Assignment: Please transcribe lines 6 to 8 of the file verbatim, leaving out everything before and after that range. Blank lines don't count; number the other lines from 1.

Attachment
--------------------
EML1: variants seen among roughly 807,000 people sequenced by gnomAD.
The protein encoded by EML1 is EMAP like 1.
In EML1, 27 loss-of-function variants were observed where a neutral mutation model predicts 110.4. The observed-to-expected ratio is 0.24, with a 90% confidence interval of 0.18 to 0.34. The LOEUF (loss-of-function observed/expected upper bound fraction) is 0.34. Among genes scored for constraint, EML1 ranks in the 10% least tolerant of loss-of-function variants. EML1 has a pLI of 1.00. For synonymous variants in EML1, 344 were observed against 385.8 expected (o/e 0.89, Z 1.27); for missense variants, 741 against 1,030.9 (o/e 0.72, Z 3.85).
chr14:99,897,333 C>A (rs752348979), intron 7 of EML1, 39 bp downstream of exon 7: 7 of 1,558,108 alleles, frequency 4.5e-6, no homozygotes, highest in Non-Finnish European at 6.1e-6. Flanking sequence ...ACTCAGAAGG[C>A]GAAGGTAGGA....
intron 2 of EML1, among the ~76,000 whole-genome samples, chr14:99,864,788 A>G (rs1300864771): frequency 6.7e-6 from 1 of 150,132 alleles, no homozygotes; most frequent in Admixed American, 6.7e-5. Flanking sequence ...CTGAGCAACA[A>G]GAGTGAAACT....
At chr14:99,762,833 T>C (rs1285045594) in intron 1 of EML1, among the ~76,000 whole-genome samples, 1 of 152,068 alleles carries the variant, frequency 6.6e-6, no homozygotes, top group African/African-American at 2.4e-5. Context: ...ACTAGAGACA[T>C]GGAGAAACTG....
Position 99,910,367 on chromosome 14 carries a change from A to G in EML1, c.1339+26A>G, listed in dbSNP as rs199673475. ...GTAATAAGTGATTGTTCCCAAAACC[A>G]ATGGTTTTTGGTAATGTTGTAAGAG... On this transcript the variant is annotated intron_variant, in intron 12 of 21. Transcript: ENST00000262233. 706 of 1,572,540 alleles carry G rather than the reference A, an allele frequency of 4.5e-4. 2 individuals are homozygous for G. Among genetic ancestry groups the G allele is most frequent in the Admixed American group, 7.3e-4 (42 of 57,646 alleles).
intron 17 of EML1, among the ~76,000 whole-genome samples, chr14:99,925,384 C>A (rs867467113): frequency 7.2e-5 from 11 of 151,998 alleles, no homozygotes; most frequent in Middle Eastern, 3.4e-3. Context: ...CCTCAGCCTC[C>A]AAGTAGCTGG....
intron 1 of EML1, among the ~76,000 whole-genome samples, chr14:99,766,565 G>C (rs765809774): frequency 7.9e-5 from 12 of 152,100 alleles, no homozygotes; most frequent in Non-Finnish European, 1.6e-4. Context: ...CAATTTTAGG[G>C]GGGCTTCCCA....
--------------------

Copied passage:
At chr14:99,762,833 T>C (rs1285045594) in intron 1 of EML1, among the ~76,000 whole-genome samples, 1 of 152,068 alleles carries the variant, frequency 6.6e-6, no homozygotes, top group African/African-American at 2.4e-5. Context: ...ACTAGAGACA[T>C]GGAGAAACTG....
Position 99,910,367 on chromosome 14 carries a change from A to G in EML1, c.1339+26A>G, listed in dbSNP as rs199673475. ...GTAATAAGTGATTGTTCCCAAAACC[A>G]ATGGTTTTTGGTAATGTTGTAAGAG... On this transcript the variant is annotated intron_variant, in intron 12 of 21. Transcript: ENST00000262233. 706 of 1,572,540 alleles carry G rather than the reference A, an allele frequency of 4.5e-4. 2 individuals are homozygous for G. Among genetic ancestry groups the G allele is most frequent in the Admixed American group, 7.3e-4 (42 of 57,646 alleles).
intron 17 of EML1, among the ~76,000 whole-genome samples, chr14:99,925,384 C>A (rs867467113): frequency 7.2e-5 from 11 of 151,998 alleles, no homozygotes; most frequent in Middle Eastern, 3.4e-3. Context: ...CCTCAGCCTC[C>A]AAGTAGCTGG....